If you want to see nesting season at its showiest, a heronry is the place to go. Northern Europe’s grey heron and its American cousin the great blue heron have wingspans of about 6ft. Their nests are shambolic affairs. And their downy chicks resemble Muppet pterodactyls of a kind Jim Henson might have designed in a moment of anarchic genius.

The heronry in my local park isn’t large. But mating pairs have still occupied all 11 nest sites in thickets on an island in the lake. There is always something happening there. Adults may be reprising courtship rituals that were at fuller pitch in January, popping up their Cruella de Vil quiffs and presenting gifts to mates (“Darling! Another twig? How thoughtful!”). Others will be flying in to feed chicks, who immediately monster their parents with begging calls that sound like two shovels clanking together. Larger youngsters are venturing on to nest edges to flap their wings.

Heronries are landmarks to the birth of modern conservation as well as natural entertainment. Remarkable women on either side of the Atlantic got the party started with campaigns against trading in wild bird plumage, particularly egret and heron feathers. Their starting point was that a hat with bits of dead bird stuck to it was quite frankly unbecoming.

Their deeper message was that people have a duty of care towards nature which precludes slaughtering wild animals for decorations or specimen collections. That view, now widespread, was radical at the time. The feather trade was responsible for the deaths of about 200mn wild birds annually at its peak. “People thought nature was endless,” says Tessa Boase, whose book on the splendidly named conservationist Etta Lemon chronicles the early years of what became the Royal Society for the Protection of Birds.

Emily Williamson co-founded this in Manchester in 1889 after the British Ornithologists Union turned down her membership application because she was female. Its greatest publicity coup under the vigorous Lemon was to parade photos of an egret colony devastated by hunters on sandwich boards through London. A membership of some 1mn now makes the RSPB the UK’s largest conservation body.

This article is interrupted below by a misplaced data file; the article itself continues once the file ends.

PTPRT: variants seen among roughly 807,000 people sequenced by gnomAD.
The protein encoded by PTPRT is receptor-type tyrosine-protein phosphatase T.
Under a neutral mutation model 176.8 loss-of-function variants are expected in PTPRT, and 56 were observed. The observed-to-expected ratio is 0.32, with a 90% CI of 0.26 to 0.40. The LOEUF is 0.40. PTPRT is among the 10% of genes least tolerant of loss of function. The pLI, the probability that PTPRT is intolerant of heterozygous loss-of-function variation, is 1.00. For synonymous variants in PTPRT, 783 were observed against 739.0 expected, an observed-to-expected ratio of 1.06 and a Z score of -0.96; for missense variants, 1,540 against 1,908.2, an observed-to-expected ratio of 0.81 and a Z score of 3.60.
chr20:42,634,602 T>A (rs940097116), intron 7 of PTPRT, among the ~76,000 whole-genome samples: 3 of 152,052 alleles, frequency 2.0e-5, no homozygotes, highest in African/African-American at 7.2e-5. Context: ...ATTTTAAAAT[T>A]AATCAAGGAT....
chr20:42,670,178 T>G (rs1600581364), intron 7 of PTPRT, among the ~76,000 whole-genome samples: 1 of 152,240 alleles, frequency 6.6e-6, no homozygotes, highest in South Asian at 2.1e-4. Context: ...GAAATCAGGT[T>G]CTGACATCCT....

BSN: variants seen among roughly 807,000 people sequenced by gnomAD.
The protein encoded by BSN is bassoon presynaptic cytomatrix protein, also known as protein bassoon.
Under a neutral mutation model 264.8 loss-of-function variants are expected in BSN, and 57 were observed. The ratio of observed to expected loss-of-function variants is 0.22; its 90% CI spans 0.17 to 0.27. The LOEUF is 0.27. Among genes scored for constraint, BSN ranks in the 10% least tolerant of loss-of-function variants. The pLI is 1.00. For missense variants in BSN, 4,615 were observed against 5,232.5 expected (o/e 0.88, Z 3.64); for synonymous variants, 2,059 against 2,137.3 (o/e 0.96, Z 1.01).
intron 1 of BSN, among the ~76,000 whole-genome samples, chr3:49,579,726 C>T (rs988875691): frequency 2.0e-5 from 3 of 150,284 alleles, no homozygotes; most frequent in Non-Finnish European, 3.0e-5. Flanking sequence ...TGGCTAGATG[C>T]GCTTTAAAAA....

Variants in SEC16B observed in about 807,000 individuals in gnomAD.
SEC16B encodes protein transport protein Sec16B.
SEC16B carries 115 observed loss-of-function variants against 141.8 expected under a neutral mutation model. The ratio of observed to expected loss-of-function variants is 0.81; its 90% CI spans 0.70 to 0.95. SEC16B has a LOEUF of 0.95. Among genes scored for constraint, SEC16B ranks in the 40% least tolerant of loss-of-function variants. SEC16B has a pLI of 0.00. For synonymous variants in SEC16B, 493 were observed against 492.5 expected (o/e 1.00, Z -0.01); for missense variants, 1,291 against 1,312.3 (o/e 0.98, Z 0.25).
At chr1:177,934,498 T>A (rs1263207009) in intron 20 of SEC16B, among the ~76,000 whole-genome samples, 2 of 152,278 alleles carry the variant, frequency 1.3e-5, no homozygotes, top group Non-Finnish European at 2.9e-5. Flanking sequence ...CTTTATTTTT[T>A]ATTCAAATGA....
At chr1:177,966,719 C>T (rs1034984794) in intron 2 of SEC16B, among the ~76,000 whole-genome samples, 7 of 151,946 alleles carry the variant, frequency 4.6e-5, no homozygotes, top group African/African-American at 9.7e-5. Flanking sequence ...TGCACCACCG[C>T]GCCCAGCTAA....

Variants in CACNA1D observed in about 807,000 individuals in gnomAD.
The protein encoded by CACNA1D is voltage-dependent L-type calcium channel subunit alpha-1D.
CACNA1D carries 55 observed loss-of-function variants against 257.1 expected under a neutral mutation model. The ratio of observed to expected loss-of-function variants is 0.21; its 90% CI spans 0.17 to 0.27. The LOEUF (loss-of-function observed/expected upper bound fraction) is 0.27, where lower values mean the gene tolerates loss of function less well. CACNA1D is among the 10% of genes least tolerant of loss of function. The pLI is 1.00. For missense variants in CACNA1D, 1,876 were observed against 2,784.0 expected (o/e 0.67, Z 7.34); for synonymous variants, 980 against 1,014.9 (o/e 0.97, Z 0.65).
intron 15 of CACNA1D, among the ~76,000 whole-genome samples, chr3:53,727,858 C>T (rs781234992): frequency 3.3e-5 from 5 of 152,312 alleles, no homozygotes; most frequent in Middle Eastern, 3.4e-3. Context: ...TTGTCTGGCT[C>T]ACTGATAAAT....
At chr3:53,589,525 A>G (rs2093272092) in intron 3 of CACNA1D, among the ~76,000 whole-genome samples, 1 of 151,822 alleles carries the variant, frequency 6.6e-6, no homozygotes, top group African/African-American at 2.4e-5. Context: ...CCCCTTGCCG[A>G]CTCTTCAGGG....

Harriet Hemenway and Minna Hall separately set up the forerunner of America’s Audubon Society to pursue parallel aims in Boston in 1896. The name honours the pioneering ornithologist whose great tome The Birds of America beautifully depicts the commodity the fuss was about. These were the spectacular breeding plumes of birds like the great blue heron, great egret and snowy egret.

Climate change means egret species are moving north in the US and in Europe, according to Jim Kushlan of HeronConservation. Little egrets have been nesting in the UK since 1996. They often build colonies in the same trees as herons, but lower down. There are pros and cons. The sword-like beaks of herons provide fearsome protection against such nest robbers as crows and magpies. But nesting herons also shower guano on everything below.

Egrets now visit some of the same garden ponds as herons — a cue for me to intrude into your private sorrow if you have ever optimistically emerged from an aquarist shop clutching a bag of fancy goldfish. As far as your local herons were concerned, you were just the Uber Eats delivery driver.

These birds catch fish. They have had 55mn years of evolution to get good at it. Ever the peacemaker, I was hoping my research would show that herons feed far more on wild fish than ornamental ones. But when I asked veteran Lea Valley ornithologist Paul Roper what prey startled chicks regurgitate when he’s ringing them, he replied cheerfully: “It’s mostly goldfish.”

Herons were a menu item themselves at royal Tudor banquets. These days, killing herons is illegal. Even so, the Tory MP Alan Clark described doing so in his scabrous diaries and, scoundrel though he was, it reduced him to tears. Keeping them off garden ponds is difficult. They can stab their beaks through netting. They have been seen perching insouciantly on plastic decoys intended to scare them away.

But Rob Whitell of the British Koi Keepers Society tells me his members complain very little about herons eating their expensive decorative carp. “We take vulnerabilities out when we design a pond,” he says. Koi pools are often surrounded by low walls topped with acrylic panels herons are wary of perching on. Erecting pergolas nearby makes it hard for the birds to land and take off.

Without recommending it, Whitell reports that nervous fish keepers can buy a device which is meant to squirt herons with water when they break a light beam. I know that if I installed one, the only organism in the garden it would ever squirt would be me.

Besides, the herons are welcome to the few remaining sticklebacks in my wildlife pond. I relish occasional early morning sightings of these prehistoric-looking birds. They have survived hungry Tudor royals. They have survived Victorian milliners. They even survived Alan Clark MP. They will survive our own generation too, if we heed the message of Williamson, Lemon, Hemenway and Hall.

Jonathan Guthrie is head of Lex

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